The shift to cloud-based services and network virtualization promises many benefits, but it’s also contributing to an increasingly complex cloud landscape that is forcing cloud service providers and even network security vendors to rethink their security postures. And if they’re not, they’d better.
In a presentation at the CommunicAsia2017 summit in Singapore Thursday, Ajay Sunder VP of Information & Communication Technologies at Frost & Sullivan, explained that the Asia-Pacific cloud services market is slated for serious growth in the next few years. F&S is forecasting data center and cloud services to be a $68.2 billion market by 2021, with cloud the fastest grower of the two, driven by XaaS services, particularly Platform-as-a-Service and Infrastructure-as-a-Service.
Which is great news, except that the APAC cloud landscape is getting complicated, Sunder said, and not just because more things like virtualized network functions are moving into it.
“For example, cloud service providers are expressing worries about security and privacy,” he said, particularly in regards to issues like data sovereignty, where the data sits, which regulations apply to which data, whether those regulations prohibit data hosting or transfer outside the country, and the ability of third parties to secure your data.
That’s creating a boom market for domestic cloud providers in markets like China and Indonesia where regulations for foreign cloud players are particularly strict. We’re also seeing the rise of vertical clouds in sectors such as healthcare and banking, who have their own separate regulatory requirements involving data privacy and protection. And then there’s the shift to open-source protocols like OpenStack, which is a key driver for adoption of hybrid clouds.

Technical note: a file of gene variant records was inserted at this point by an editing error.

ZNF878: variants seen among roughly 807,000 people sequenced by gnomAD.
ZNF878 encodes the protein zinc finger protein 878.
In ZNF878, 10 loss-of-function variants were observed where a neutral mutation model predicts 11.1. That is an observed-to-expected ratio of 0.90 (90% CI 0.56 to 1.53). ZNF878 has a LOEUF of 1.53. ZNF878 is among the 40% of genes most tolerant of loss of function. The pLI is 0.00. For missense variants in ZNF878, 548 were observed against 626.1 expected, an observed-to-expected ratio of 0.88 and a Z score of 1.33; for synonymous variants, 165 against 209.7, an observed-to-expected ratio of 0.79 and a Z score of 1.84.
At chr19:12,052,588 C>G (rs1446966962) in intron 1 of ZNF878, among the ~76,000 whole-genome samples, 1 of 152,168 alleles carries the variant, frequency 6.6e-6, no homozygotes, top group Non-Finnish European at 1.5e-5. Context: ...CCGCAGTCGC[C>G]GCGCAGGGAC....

Meanwhile, Sunder said, as the cloud landscape is evolving, so too is the threat landscape, which F&S breaks down into three environments: the virtual environment (i.e. enterprise security), the physical environment (i.e. critical infrastructure) and the human environment (i.e. people who click the attachment or don’t secure their IP cams).
The bottom line is that we’re way past the days of human hackers cracking into servers to steal passwords and rob bank accounts, although that continues to happen. Nowadays hacking can be motivated by greed, political ideology, revenge or terrorism. They can be state sponsored espionage or infrastructure attacks. And they don’t even have to be human at all, as recent DDoS attacks leveraging botnets have demonstrated. And the machines are getting smarter.
“All of this means that as networks move from hardware to software, network security vendors must shift their perspective in the same manner, embracing SDN and provisioning on-demand network security services,” Sunder said. “They need to think of security products as virtual appliances rather than boxes, much in the same way that data centers have become focused more on virtual machines instead of physical servers.”
For cloud service providers, he added, these trends do add up to some promising opportunities for growth, starting with managed private cloud services in which security is a key differentiator.
Cloud service providers also need to prioritize their engagement with channels such as sales agents, VARS, resellers, systems integrators and managed services providers, Sunder said, “because channels are the new kings in the SDN world.”
And then there’s the niche cloud vertical opportunity, as verticals have specific compliance requirements in their respective domains. “Cloud providers can potentially monetize that through partnerships, which could help them offer very specialized cloud services requiring domain expertise in that area,” said Sunder.